Inside the Outside: Five Self-Taught Artists from The William Louis-Dreyfus Foundation
In the Beitzel and Righter Galleries
July 19, 2015 – October 11, 2015
The self-taught genre remains one of the most complex and intriguing themes in modern and contemporary art. This exhibition brings together highlights from the extraordinary collection of William Louis-Dreyfus and features a focused look at five artists – James Castle, Thornton Dial, Nellie Mae Rowe, Bill Traylor, and Willie Young – who eschewed formal training to embark on their separate journeys, resulting in astoundingly open and imaginative bodies of work. Though these artists started creating their work late in life, they were driven by an inexorable urge to respond to personal visions and aspects of their daily lives. With more than sixty works on view, this exhibition showcases some of the finest examples of self-taught art in any private collection.
Support for Inside the Outside is generously provided by Deborah Mullin and John Chatzky. The Katonah Museum of Art is supported in part by ArtsWestchester with support from the Westchester County Government, the New York State Council on the Arts with support of Governor Andrew Cuomo and the New York State Legislature.
Emilie Clark: The Delicacy of Decomposition
In the Project Gallery
July 12, 2015 – September 6, 2015
Artist Emilie Clark uses her family’s preserved food waste to create installations that retain the quality of old-world still life paintings. As part of a larger collaboration with the Fairfield/Westchester Museum Alliance on the Seven Deadly Sins, the KMA explores the idea of Gluttony – a term expressing excessive self-indulgence as well as over-consumption.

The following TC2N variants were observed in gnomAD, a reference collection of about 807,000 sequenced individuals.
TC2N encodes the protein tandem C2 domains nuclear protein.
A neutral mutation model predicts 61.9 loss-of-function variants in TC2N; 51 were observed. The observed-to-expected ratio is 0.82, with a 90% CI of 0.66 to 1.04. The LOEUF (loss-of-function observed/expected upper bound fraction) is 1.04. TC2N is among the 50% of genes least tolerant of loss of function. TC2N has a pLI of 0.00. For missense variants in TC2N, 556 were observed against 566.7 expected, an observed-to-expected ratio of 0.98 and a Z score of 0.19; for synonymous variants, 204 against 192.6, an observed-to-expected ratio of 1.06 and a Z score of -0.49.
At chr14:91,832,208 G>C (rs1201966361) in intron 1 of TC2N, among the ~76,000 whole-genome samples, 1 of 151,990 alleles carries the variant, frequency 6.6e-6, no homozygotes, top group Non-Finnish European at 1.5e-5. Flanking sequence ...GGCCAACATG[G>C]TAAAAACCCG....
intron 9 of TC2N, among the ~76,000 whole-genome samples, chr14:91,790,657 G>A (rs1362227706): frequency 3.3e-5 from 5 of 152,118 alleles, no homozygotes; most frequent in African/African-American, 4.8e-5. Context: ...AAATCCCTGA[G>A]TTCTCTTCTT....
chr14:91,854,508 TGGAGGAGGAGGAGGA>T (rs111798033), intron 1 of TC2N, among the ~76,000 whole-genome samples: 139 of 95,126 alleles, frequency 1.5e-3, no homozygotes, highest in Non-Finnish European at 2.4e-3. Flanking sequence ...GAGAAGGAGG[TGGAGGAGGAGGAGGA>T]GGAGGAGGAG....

Gallery talk by artist and opening reception: July 19th at 1 pm.
Barnes Private Residence, 1952, Relocated, 2015
In the Sculpture Garden
March 29 – October 11, 2015
Tying the remarkable history of the relocation of Katonah to the building of the Katonah Museum of Art by local architect Edward Larrabee Barnes, Chris Larson has replicated Barnes’ private Mt. Kisco home at full scale in the sculpture garden. With a nod to the Katonah narrative, he constructs the modernist structure as if it were dragged in on logs, elevated on timber cribbing, and pierced through by the Norway spruce trees. A 2014 Whitney biennialist, Larson is a multimedia artist known for his sensitive and often dramatic responses to architectural environments and histories.
The exhibition is made possible by Ginny and Martin Gold, Susan and Peter MacGill, and Melissa Vail and Norman Selby. Generous in-kind assistance was provided by John Sullivan of Sullivan Architecture, P.C, White Plains.
Funding for this exhibtion is also provided in part by ArtsWestchester with support from the Westchester County Government, the New York State Council on the Arts with support of Governor Andrew Cuomo and the New York State Legislature.
Glass Elevator by Stephan Moore
In the vestibule
January 18 – Summer 2015
Glass Elevator is a sound installation for the glass-walled vestibule at the Katonah Museum of Art in Katonah, NY. As a visitor passes through the space, a quiet droning sound can be heard, which could easily be mistaken for the sound of typical building systems. When all of the doors are again closed, the space is suddenly transported, by sound, to another location — an example of audio cinema, or, in R. Murray Schafer’s term, schizophonia. Whether anyone lingers in the space to experience these sounds is another matter — the piece hides itself from all but the most curious. The title refers to the fictional mode of transportation used by the eccentric confection magnate Willy Wonka in novels by Roald Dahl: a transparent elevator capable of traveling in any direction, and even into outer space
On the South Lawn
May 2014 – May 2015
John Ruppert transforms prison-grade metal chain link into vessel-like forms that define volume yet remain ethereal and porous. At the KMA, the intense yellow industrial fencing is an unexpected element in the landscape, as is the mesmeric effect of the material’s shifting patterns. Ruppert’s 14-foot tall sculpture simultaneously contrasts and compliments its verdant surroundings. The artist created the piece specifically for the KMA campus.